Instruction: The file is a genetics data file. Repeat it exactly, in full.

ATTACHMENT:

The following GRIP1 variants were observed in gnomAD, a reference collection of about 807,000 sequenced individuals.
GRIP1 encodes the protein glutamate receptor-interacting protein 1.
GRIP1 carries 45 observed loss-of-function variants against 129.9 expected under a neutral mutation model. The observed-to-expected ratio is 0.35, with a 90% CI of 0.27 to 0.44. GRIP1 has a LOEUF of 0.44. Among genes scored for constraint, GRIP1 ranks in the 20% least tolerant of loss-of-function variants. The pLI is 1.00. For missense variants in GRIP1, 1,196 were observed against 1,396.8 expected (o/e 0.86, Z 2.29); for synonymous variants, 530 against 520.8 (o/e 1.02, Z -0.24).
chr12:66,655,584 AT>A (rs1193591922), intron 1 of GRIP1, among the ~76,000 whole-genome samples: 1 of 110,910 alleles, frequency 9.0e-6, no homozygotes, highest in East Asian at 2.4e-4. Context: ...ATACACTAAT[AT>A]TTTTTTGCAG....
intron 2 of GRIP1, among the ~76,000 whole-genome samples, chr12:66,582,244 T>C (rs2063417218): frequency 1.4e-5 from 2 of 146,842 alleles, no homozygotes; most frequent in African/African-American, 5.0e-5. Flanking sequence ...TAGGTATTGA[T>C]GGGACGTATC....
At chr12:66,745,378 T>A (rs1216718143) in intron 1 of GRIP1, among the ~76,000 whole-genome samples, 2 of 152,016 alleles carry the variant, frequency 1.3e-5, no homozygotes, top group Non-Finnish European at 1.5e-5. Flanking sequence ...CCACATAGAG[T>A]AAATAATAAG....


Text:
The following GRIP1 variants were observed in gnomAD, a reference collection of about 807,000 sequenced individuals.
GRIP1 encodes the protein glutamate receptor-interacting protein 1.
GRIP1 carries 45 observed loss-of-function variants against 129.9 expected under a neutral mutation model. The observed-to-expected ratio is 0.35, with a 90% CI of 0.27 to 0.44. GRIP1 has a LOEUF of 0.44. Among genes scored for constraint, GRIP1 ranks in the 20% least tolerant of loss-of-function variants. The pLI is 1.00. For missense variants in GRIP1, 1,196 were observed against 1,396.8 expected (o/e 0.86, Z 2.29); for synonymous variants, 530 against 520.8 (o/e 1.02, Z -0.24).
chr12:66,655,584 AT>A (rs1193591922), intron 1 of GRIP1, among the ~76,000 whole-genome samples: 1 of 110,910 alleles, frequency 9.0e-6, no homozygotes, highest in East Asian at 2.4e-4. Context: ...ATACACTAAT[AT>A]TTTTTTGCAG....
intron 2 of GRIP1, among the ~76,000 whole-genome samples, chr12:66,582,244 T>C (rs2063417218): frequency 1.4e-5 from 2 of 146,842 alleles, no homozygotes; most frequent in African/African-American, 5.0e-5. Flanking sequence ...TAGGTATTGA[T>C]GGGACGTATC....
At chr12:66,745,378 T>A (rs1216718143) in intron 1 of GRIP1, among the ~76,000 whole-genome samples, 2 of 152,016 alleles carry the variant, frequency 1.3e-5, no homozygotes, top group Non-Finnish European at 1.5e-5. Flanking sequence ...CCACATAGAG[T>A]AAATAATAAG....